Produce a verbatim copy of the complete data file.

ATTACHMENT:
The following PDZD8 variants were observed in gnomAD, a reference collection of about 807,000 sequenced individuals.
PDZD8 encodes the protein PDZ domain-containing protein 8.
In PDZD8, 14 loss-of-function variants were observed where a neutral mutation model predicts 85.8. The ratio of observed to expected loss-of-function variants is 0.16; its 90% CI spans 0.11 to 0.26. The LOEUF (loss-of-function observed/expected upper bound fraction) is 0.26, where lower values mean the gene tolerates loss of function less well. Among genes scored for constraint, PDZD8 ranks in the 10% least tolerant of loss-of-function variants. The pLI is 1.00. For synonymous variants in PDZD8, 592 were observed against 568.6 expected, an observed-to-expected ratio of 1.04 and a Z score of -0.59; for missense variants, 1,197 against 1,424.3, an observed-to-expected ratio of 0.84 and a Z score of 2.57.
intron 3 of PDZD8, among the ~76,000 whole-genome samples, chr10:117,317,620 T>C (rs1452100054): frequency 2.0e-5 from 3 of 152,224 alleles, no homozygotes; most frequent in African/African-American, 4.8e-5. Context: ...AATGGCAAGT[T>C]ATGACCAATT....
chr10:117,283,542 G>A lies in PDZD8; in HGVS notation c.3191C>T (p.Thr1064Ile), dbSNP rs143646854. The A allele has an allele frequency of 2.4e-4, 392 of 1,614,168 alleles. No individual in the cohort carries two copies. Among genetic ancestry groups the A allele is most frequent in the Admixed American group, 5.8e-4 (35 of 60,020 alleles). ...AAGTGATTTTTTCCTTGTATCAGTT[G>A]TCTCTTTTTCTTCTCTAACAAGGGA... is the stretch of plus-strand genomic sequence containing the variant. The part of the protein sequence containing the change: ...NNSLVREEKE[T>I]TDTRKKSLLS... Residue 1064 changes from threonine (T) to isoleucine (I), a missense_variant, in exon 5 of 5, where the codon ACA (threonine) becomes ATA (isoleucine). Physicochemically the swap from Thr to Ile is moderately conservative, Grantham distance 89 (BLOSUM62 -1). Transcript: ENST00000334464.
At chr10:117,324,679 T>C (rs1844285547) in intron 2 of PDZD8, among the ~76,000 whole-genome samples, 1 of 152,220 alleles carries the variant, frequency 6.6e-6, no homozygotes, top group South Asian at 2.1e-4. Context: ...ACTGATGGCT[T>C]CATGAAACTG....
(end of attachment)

The following PDZD8 variants were observed in gnomAD, a reference collection of about 807,000 sequenced individuals.
PDZD8 encodes the protein PDZ domain-containing protein 8.
In PDZD8, 14 loss-of-function variants were observed where a neutral mutation model predicts 85.8. The ratio of observed to expected loss-of-function variants is 0.16; its 90% CI spans 0.11 to 0.26. The LOEUF (loss-of-function observed/expected upper bound fraction) is 0.26, where lower values mean the gene tolerates loss of function less well. Among genes scored for constraint, PDZD8 ranks in the 10% least tolerant of loss-of-function variants. The pLI is 1.00. For synonymous variants in PDZD8, 592 were observed against 568.6 expected, an observed-to-expected ratio of 1.04 and a Z score of -0.59; for missense variants, 1,197 against 1,424.3, an observed-to-expected ratio of 0.84 and a Z score of 2.57.
intron 3 of PDZD8, among the ~76,000 whole-genome samples, chr10:117,317,620 T>C (rs1452100054): frequency 2.0e-5 from 3 of 152,224 alleles, no homozygotes; most frequent in African/African-American, 4.8e-5. Context: ...AATGGCAAGT[T>C]ATGACCAATT....
chr10:117,283,542 G>A lies in PDZD8; in HGVS notation c.3191C>T (p.Thr1064Ile), dbSNP rs143646854. The A allele has an allele frequency of 2.4e-4, 392 of 1,614,168 alleles. No individual in the cohort carries two copies. Among genetic ancestry groups the A allele is most frequent in the Admixed American group, 5.8e-4 (35 of 60,020 alleles). ...AAGTGATTTTTTCCTTGTATCAGTT[G>A]TCTCTTTTTCTTCTCTAACAAGGGA... is the stretch of plus-strand genomic sequence containing the variant. The part of the protein sequence containing the change: ...NNSLVREEKE[T>I]TDTRKKSLLS... Residue 1064 changes from threonine (T) to isoleucine (I), a missense_variant, in exon 5 of 5, where the codon ACA (threonine) becomes ATA (isoleucine). Physicochemically the swap from Thr to Ile is moderately conservative, Grantham distance 89 (BLOSUM62 -1). Transcript: ENST00000334464.
At chr10:117,324,679 T>C (rs1844285547) in intron 2 of PDZD8, among the ~76,000 whole-genome samples, 1 of 152,220 alleles carries the variant, frequency 6.6e-6, no homozygotes, top group South Asian at 2.1e-4. Context: ...ACTGATGGCT[T>C]CATGAAACTG....